When you have other existing health conditions, you are compounding your risk of serious complications and disease if you don't lower your cholesterol. Add high risk factors into the picture (family history, age, race) and your risk is compounded even more. The good thing is that you can break that chain of progressive disease at any point by changing what you can control.

Lowering your cholesterol can help improve your health by reducing your risk of heart attack, stroke, and other serious health problems. You should work closely with your doctor to develop a cholesterol-lowering plan that is safe and effective for you. These plans usually involve some combination of dietary changes, regular exercise, medication, and weight loss.

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Member Comments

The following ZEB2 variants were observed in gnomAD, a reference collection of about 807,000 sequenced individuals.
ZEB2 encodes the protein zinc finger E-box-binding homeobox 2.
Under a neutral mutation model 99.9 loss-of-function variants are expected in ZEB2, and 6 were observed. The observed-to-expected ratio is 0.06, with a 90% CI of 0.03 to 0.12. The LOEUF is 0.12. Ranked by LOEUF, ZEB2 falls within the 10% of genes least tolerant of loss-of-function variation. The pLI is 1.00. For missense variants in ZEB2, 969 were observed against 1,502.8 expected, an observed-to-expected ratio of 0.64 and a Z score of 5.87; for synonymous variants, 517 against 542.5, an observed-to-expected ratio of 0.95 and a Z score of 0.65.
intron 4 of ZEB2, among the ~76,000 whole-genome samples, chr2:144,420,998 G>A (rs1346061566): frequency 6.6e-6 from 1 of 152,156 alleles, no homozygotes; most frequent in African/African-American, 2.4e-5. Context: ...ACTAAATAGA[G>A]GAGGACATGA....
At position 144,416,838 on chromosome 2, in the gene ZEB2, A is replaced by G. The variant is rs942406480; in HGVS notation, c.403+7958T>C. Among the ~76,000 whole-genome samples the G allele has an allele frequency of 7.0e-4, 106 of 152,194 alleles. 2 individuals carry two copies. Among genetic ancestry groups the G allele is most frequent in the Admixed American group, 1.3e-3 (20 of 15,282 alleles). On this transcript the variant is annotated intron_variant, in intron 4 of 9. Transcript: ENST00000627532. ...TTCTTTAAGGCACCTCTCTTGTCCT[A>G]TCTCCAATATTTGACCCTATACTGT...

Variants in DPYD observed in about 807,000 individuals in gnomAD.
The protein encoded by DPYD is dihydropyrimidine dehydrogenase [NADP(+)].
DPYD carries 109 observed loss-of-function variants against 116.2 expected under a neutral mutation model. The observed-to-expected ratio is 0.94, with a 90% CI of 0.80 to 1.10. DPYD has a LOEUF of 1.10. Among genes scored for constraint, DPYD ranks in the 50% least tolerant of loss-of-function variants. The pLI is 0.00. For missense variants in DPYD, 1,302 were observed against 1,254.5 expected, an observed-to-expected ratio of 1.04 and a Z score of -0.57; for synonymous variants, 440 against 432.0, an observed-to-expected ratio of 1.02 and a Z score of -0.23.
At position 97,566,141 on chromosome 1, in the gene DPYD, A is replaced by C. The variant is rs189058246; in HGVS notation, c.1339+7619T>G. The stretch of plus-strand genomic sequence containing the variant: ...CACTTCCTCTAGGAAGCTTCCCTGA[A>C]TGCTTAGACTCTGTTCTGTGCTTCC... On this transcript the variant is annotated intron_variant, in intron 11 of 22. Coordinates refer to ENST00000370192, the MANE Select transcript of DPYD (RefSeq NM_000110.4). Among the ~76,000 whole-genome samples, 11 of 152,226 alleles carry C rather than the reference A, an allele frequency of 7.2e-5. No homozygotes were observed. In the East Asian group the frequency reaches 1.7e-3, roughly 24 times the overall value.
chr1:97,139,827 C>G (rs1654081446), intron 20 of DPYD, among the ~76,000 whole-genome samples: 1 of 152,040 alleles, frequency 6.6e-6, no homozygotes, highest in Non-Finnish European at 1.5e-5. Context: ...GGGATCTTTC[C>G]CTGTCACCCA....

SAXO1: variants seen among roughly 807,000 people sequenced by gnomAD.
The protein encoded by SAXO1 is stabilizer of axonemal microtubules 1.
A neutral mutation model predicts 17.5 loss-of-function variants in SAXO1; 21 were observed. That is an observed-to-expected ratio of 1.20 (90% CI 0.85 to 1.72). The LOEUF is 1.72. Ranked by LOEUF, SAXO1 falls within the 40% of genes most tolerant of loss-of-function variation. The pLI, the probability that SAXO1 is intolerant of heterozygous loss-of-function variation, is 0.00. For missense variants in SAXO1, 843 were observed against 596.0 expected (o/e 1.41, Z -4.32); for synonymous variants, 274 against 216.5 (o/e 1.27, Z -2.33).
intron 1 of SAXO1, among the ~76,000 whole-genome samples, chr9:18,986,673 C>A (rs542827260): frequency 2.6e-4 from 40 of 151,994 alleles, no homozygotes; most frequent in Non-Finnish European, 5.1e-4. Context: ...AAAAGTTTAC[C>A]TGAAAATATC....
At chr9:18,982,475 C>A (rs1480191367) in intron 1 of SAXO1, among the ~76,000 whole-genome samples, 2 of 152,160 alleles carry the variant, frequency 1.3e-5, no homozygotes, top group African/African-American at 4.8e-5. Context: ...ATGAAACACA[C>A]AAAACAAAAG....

• Much of the info about diet is outdated. Research has shown over and over again that high carb diet drives cholesterol up and that saturated fats like butter, do not impact negatively like previously thought. I eat a Low Carb High Fat diet (9 months now) and my cholesterol dropped 90 points!! My HDL is high, LDL is low, my triglycerides are low.
    Sparks seems to print articles that are out of date quite a bit. Please stop
  • How embarrassing for SP to keep recycling outdated nonsense from 2007! This very philosophy is at the core of obesity pandemic. SP please, please stop treating your members as dimwits, provide references based on which these blog posts are written along with the blog authors' credentials!